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Violin Cleaners/Polishes


Brad H
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A teacher asked me to write up an information sheet on violin care and maintenance for her mostly K-12 students.   At the end of my draft section on cleaning, I included the following sentence:

- Commercial violin cleaners and polishes:   Most luthiers frown on the use of these since they contain oils and waxes which can build up on the violin's surface.

True or false?  

Or, are there suggestions for a more accurate statement and/or better advice for student?

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my experience is that k-12 student instruments that come in for repair are incredibly dirty with finger marks, and sticky stuff... probably from finger wet with soft drink. I use a damp micro-fiber dishcloth to wipe them down, then polish briskly with a dry paper towel... seems to work as good as anything.

Cheers, Mat

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3 hours ago, Mat Roop said:

my experience is that k-12 student instruments that come in for repair are incredibly dirty with finger marks, and sticky stuff... probably from finger wet with soft drink. I use a damp micro-fiber dishcloth to wipe them down, then polish briskly with a dry paper towel... seems to work as good as anything.

Cheers, Mat

Yeah, I have seen my share of oily fingerprinted instruments.    My first instruction in the care sheet was, "Wash your hands before picking up your instrument"

 

Thanks for the comment, Duane.

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18 hours ago, Brad H said:

- Commercial violin cleaners and polishes:   Most luthiers frown on the use of these since they contain oils and waxes which can build up on the violin's surface.

True or false?

True! It’s good that you’re spreading the word. So many shops use polishes and cleaners with oils by the gallon on their instruments. It always drove me up the wall when the rental staff in a shop where I worked in the past would use Goo-Gone and an extremely oily polish to “clean” the rentals; they were always shocked at how much dirt got on the instruments and how much cleaning they needed when they came back. Kids can make some unbelievably sticky messes, but they’re not entirely to blame when the instruments they’re given are liberally coated with the best dirt-attracting oil on the market!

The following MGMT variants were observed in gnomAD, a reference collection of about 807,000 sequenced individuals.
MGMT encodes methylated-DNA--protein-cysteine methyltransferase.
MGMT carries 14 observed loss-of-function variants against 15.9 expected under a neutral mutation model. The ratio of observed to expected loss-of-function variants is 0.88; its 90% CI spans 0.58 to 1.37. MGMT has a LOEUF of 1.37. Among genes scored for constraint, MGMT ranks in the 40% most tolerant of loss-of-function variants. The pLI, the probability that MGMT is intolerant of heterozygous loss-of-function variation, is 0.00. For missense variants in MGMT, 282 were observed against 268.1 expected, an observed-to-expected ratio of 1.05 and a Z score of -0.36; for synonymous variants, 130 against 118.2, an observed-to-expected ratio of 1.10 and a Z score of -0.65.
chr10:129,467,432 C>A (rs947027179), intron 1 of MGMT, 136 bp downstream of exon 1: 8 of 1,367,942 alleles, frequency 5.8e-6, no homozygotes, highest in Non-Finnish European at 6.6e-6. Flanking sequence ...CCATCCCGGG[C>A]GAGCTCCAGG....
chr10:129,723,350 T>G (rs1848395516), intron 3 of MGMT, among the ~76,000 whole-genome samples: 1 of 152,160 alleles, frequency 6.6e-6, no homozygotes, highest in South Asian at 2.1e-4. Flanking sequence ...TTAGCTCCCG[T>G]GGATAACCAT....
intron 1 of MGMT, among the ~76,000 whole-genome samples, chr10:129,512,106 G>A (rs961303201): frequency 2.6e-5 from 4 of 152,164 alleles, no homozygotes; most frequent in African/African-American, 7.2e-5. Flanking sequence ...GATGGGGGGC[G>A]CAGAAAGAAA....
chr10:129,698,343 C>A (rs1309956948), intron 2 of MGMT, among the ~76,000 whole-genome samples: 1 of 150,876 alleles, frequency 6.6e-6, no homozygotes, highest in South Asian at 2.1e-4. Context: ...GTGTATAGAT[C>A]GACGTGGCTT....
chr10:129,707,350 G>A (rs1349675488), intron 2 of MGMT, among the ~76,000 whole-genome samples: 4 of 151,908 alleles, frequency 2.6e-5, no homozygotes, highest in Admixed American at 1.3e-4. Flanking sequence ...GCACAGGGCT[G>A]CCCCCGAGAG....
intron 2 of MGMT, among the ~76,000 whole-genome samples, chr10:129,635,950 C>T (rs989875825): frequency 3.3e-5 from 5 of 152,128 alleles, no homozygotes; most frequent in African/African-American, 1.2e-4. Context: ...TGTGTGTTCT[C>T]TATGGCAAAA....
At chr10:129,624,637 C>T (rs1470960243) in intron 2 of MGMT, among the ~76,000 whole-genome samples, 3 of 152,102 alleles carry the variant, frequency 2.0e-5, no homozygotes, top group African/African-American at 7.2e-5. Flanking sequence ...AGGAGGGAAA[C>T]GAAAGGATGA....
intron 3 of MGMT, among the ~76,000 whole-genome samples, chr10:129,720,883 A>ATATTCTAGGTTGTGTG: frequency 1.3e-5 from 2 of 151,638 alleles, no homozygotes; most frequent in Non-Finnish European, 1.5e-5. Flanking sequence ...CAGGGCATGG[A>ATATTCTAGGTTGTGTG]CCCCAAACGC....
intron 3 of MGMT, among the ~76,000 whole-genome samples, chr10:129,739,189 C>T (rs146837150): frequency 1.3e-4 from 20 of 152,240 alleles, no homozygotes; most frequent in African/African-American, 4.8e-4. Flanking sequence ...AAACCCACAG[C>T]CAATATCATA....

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Taken back to basics, there are two approaches to cleaning a violin. One is using a mild abrasive and the other a solvent. Things like Hill Polish have a certain oil content, since otherwise you would stick to the violin with your rag and leave an impression of the rag in the violin, the same goes for my polish which I mix myself. It would be better to mix ones own polish, not just because it’s much cheaper, but because it is good to know what's in it. On some fiddles, on can use a furniture reviver from the hardware store (when they reopen), or a pure solvent, but one must know how the varnish will react. One should not forget that water is a solvent. If one likes “Hill Polish” one can make one’s own bootleg polish, since the recipe is no secret.